Change the Frequency of a Track

Hey all, I’m super new to Audacity. Like I just started an hour ago. I want to take a song I’ve downloaded and change the Hz to make it extremely high pitched. The end goal is to have a song that you can listen to, but it has an extremely high frequency similar to those mosquito ringtones that you can find online. I have no idea if this is even possible, like I said I’m extremely new to the program. Any tips would be appreciated. Thank you!

Try these effects:

Note that there is a limit to how high it will go before it becomes utterly destroyed :wink:
Resampling to a higher sample rate will make processing slower, but should preserve the sound better when making your extreme changes. Try resampling to 96000 Hz before applying the above effects.
(the resampling step is not generally required for “normal” use of these effects).

You might also try playing around with the high-pass filter effect. (A high-pass filter lets the high frequencies through, while blocking the lower frequencies.) Try starting at about 5000Hz, with a slope of 24dB per octave or more. That will leave you with just the higher frequencies.

The thing is, you’ll have to pitch-shift by a LOT to bring the bass up to a very-high frequency. And then, everything else will be shifted above the audible range and all you’ll hear is the pitch-shifted bass. So, filtering-out the bass (and maybe the midrange) may give you a better result.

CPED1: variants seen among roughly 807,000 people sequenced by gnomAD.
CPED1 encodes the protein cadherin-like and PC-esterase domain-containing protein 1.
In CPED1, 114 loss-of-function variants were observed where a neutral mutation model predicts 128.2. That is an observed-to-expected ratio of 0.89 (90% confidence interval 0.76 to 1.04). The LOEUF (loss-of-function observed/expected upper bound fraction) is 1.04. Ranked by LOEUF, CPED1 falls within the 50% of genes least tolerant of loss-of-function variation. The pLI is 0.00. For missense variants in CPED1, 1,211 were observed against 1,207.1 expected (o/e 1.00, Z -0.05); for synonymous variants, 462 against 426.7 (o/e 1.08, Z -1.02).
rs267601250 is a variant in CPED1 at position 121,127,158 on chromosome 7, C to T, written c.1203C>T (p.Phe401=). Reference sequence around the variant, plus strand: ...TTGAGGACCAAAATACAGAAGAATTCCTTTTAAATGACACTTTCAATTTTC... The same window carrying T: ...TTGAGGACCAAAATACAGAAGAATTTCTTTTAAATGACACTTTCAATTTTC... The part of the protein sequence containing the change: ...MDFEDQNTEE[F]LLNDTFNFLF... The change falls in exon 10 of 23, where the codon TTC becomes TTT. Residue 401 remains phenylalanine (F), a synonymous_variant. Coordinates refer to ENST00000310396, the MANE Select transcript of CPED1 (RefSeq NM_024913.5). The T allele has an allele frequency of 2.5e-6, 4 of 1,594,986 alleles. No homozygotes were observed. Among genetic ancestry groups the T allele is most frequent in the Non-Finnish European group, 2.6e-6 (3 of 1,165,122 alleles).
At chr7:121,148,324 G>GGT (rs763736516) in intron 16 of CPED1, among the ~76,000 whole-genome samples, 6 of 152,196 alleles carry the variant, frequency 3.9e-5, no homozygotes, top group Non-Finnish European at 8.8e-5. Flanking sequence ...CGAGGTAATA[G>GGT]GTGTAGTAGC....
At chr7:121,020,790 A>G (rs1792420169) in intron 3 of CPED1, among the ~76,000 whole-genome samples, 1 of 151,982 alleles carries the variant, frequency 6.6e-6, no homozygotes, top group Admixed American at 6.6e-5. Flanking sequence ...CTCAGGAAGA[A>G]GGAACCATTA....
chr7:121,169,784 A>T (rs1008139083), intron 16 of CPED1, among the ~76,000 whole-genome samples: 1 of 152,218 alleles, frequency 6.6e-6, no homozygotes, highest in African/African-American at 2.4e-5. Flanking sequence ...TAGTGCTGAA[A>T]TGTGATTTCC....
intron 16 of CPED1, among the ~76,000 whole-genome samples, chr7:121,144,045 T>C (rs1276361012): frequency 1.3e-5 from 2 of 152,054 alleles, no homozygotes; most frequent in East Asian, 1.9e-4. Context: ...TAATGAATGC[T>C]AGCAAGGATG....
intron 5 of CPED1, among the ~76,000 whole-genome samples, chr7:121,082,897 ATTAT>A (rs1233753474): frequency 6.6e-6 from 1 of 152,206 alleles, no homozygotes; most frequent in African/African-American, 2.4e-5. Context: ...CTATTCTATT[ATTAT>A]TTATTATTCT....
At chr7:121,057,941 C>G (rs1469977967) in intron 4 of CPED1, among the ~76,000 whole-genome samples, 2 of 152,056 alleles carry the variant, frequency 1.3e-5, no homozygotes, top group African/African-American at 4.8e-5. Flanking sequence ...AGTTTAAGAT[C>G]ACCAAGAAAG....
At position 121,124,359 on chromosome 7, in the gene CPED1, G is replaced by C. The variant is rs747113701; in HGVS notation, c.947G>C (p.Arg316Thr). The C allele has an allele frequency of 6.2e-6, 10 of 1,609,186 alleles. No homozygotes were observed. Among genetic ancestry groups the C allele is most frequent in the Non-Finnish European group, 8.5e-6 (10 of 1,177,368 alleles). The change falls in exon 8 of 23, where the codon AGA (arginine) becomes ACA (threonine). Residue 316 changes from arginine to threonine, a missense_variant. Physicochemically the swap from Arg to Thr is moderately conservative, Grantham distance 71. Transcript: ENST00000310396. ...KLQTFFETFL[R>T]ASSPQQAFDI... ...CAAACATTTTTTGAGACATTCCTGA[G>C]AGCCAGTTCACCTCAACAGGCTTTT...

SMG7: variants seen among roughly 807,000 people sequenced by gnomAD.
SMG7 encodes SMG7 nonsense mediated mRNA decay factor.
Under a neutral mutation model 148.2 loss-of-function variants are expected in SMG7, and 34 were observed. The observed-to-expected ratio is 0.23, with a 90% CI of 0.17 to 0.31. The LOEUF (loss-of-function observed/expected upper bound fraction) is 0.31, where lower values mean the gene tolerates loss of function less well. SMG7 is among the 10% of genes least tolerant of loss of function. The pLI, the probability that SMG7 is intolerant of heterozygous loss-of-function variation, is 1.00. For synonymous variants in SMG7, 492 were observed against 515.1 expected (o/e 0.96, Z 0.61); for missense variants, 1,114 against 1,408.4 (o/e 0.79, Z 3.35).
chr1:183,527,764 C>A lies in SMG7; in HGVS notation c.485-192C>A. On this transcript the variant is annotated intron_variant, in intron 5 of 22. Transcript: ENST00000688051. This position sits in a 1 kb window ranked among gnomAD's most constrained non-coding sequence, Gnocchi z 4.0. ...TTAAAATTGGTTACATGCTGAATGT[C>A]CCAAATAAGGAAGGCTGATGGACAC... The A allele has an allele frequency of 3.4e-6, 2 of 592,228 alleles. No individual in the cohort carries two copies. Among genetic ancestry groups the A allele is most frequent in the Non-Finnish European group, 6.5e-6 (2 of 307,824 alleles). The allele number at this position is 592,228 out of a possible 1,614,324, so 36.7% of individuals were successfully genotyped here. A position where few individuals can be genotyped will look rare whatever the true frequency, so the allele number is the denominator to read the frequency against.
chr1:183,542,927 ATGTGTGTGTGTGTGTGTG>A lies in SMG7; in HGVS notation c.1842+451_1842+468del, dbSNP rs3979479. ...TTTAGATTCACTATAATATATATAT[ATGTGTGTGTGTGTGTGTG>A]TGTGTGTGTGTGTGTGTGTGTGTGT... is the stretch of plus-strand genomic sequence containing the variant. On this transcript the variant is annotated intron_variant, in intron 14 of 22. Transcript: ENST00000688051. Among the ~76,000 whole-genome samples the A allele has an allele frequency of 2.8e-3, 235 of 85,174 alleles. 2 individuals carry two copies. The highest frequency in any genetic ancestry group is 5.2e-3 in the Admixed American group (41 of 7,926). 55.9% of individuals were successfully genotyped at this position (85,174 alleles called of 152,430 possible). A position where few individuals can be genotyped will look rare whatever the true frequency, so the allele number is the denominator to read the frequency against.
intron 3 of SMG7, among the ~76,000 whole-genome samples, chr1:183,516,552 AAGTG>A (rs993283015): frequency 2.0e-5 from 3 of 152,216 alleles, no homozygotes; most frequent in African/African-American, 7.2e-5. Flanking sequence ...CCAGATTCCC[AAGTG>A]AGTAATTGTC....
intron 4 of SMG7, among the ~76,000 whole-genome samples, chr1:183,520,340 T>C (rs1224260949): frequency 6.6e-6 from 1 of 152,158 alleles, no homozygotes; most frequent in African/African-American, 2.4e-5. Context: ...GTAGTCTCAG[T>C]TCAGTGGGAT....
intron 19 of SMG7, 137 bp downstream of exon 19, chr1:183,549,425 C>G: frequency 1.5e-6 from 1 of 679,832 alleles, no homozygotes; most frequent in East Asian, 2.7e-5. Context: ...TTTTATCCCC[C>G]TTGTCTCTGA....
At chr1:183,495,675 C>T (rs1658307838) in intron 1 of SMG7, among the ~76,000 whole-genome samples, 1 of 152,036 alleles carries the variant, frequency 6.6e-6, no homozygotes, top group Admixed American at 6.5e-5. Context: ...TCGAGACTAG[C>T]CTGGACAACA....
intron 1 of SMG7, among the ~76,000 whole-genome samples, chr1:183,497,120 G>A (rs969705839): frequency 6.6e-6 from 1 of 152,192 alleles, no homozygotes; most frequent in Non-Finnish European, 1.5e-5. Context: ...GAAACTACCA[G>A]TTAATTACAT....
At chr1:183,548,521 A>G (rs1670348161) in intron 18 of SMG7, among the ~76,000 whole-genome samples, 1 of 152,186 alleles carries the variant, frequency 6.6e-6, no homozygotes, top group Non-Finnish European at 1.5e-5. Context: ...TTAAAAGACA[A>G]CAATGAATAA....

You can try filtering before or after pitch-shifting. Or, high-pass filtering alone may give you the effect you want… You’ll just have to experiment…

You may need to use the Amplify effect when after you’re done with all of this, especially if you high-pass filter. Most of the energy is in the lower frequencies so extreme high-pass filtering will lower the volume by a lot.

There’s one thing to be cautious about if you are using a “high power” stereo system… You could fry a tweeter with sounds that don’t seem that loud or with sounds that you can’t even hear! For example, a “100 Watt” speaker is designed for music (or other program material) that hits 100W on the peaks for brief moments, with most of that power going to the woofer and midrange. The tweeter in a 100W speaker might burn-out with a 10W high-frequency continuous test tone. (This won’t be a problem with a phone or with “regular” computer speakers because the amplifiers don’t have enough power to do any damage.)